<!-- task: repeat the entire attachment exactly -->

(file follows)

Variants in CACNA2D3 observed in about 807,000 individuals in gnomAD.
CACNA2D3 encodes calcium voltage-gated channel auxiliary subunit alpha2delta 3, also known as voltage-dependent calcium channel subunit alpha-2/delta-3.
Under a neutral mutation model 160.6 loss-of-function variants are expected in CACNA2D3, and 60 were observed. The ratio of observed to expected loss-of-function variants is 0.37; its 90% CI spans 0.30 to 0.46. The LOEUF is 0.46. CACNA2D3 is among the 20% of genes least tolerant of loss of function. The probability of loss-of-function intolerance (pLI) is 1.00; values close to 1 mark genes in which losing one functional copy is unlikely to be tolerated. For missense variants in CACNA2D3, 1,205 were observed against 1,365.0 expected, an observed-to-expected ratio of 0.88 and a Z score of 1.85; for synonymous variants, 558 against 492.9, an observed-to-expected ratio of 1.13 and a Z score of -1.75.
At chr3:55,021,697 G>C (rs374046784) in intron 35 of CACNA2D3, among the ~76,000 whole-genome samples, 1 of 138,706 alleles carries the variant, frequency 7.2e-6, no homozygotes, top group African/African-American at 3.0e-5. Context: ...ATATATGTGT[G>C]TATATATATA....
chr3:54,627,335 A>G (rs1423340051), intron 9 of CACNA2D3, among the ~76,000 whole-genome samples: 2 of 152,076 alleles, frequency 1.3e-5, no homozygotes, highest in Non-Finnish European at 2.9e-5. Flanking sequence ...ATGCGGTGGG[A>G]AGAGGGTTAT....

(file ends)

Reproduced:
Variants in CACNA2D3 observed in about 807,000 individuals in gnomAD.
CACNA2D3 encodes calcium voltage-gated channel auxiliary subunit alpha2delta 3, also known as voltage-dependent calcium channel subunit alpha-2/delta-3.
Under a neutral mutation model 160.6 loss-of-function variants are expected in CACNA2D3, and 60 were observed. The ratio of observed to expected loss-of-function variants is 0.37; its 90% CI spans 0.30 to 0.46. The LOEUF is 0.46. CACNA2D3 is among the 20% of genes least tolerant of loss of function. The probability of loss-of-function intolerance (pLI) is 1.00; values close to 1 mark genes in which losing one functional copy is unlikely to be tolerated. For missense variants in CACNA2D3, 1,205 were observed against 1,365.0 expected, an observed-to-expected ratio of 0.88 and a Z score of 1.85; for synonymous variants, 558 against 492.9, an observed-to-expected ratio of 1.13 and a Z score of -1.75.
At chr3:55,021,697 G>C (rs374046784) in intron 35 of CACNA2D3, among the ~76,000 whole-genome samples, 1 of 138,706 alleles carries the variant, frequency 7.2e-6, no homozygotes, top group African/African-American at 3.0e-5. Context: ...ATATATGTGT[G>C]TATATATATA....
chr3:54,627,335 A>G (rs1423340051), intron 9 of CACNA2D3, among the ~76,000 whole-genome samples: 2 of 152,076 alleles, frequency 1.3e-5, no homozygotes, highest in Non-Finnish European at 2.9e-5. Flanking sequence ...ATGCGGTGGG[A>G]AGAGGGTTAT....